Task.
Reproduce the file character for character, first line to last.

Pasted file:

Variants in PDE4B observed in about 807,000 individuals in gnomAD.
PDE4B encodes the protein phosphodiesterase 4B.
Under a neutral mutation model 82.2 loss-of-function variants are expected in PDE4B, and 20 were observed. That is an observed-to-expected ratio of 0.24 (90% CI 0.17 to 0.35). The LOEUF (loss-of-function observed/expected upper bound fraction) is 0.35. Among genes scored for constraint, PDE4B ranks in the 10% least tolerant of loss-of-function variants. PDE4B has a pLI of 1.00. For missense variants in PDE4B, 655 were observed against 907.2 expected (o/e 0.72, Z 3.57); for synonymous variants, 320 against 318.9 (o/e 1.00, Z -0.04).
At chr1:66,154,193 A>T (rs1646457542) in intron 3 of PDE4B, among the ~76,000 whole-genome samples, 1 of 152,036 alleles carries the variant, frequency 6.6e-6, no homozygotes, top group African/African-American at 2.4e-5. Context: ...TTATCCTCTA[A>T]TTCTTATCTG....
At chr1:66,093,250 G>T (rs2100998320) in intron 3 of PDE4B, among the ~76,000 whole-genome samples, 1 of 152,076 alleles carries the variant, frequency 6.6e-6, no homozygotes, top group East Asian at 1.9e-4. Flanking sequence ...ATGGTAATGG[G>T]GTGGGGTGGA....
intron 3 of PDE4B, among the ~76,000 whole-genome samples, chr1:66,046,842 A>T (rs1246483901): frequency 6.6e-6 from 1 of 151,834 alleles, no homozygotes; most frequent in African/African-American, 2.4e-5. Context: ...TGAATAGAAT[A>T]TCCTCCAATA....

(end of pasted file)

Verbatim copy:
Variants in PDE4B observed in about 807,000 individuals in gnomAD.
PDE4B encodes the protein phosphodiesterase 4B.
Under a neutral mutation model 82.2 loss-of-function variants are expected in PDE4B, and 20 were observed. That is an observed-to-expected ratio of 0.24 (90% CI 0.17 to 0.35). The LOEUF (loss-of-function observed/expected upper bound fraction) is 0.35. Among genes scored for constraint, PDE4B ranks in the 10% least tolerant of loss-of-function variants. PDE4B has a pLI of 1.00. For missense variants in PDE4B, 655 were observed against 907.2 expected (o/e 0.72, Z 3.57); for synonymous variants, 320 against 318.9 (o/e 1.00, Z -0.04).
At chr1:66,154,193 A>T (rs1646457542) in intron 3 of PDE4B, among the ~76,000 whole-genome samples, 1 of 152,036 alleles carries the variant, frequency 6.6e-6, no homozygotes, top group African/African-American at 2.4e-5. Context: ...TTATCCTCTA[A>T]TTCTTATCTG....
At chr1:66,093,250 G>T (rs2100998320) in intron 3 of PDE4B, among the ~76,000 whole-genome samples, 1 of 152,076 alleles carries the variant, frequency 6.6e-6, no homozygotes, top group East Asian at 1.9e-4. Flanking sequence ...ATGGTAATGG[G>T]GTGGGGTGGA....
intron 3 of PDE4B, among the ~76,000 whole-genome samples, chr1:66,046,842 A>T (rs1246483901): frequency 6.6e-6 from 1 of 151,834 alleles, no homozygotes; most frequent in African/African-American, 2.4e-5. Context: ...TGAATAGAAT[A>T]TCCTCCAATA....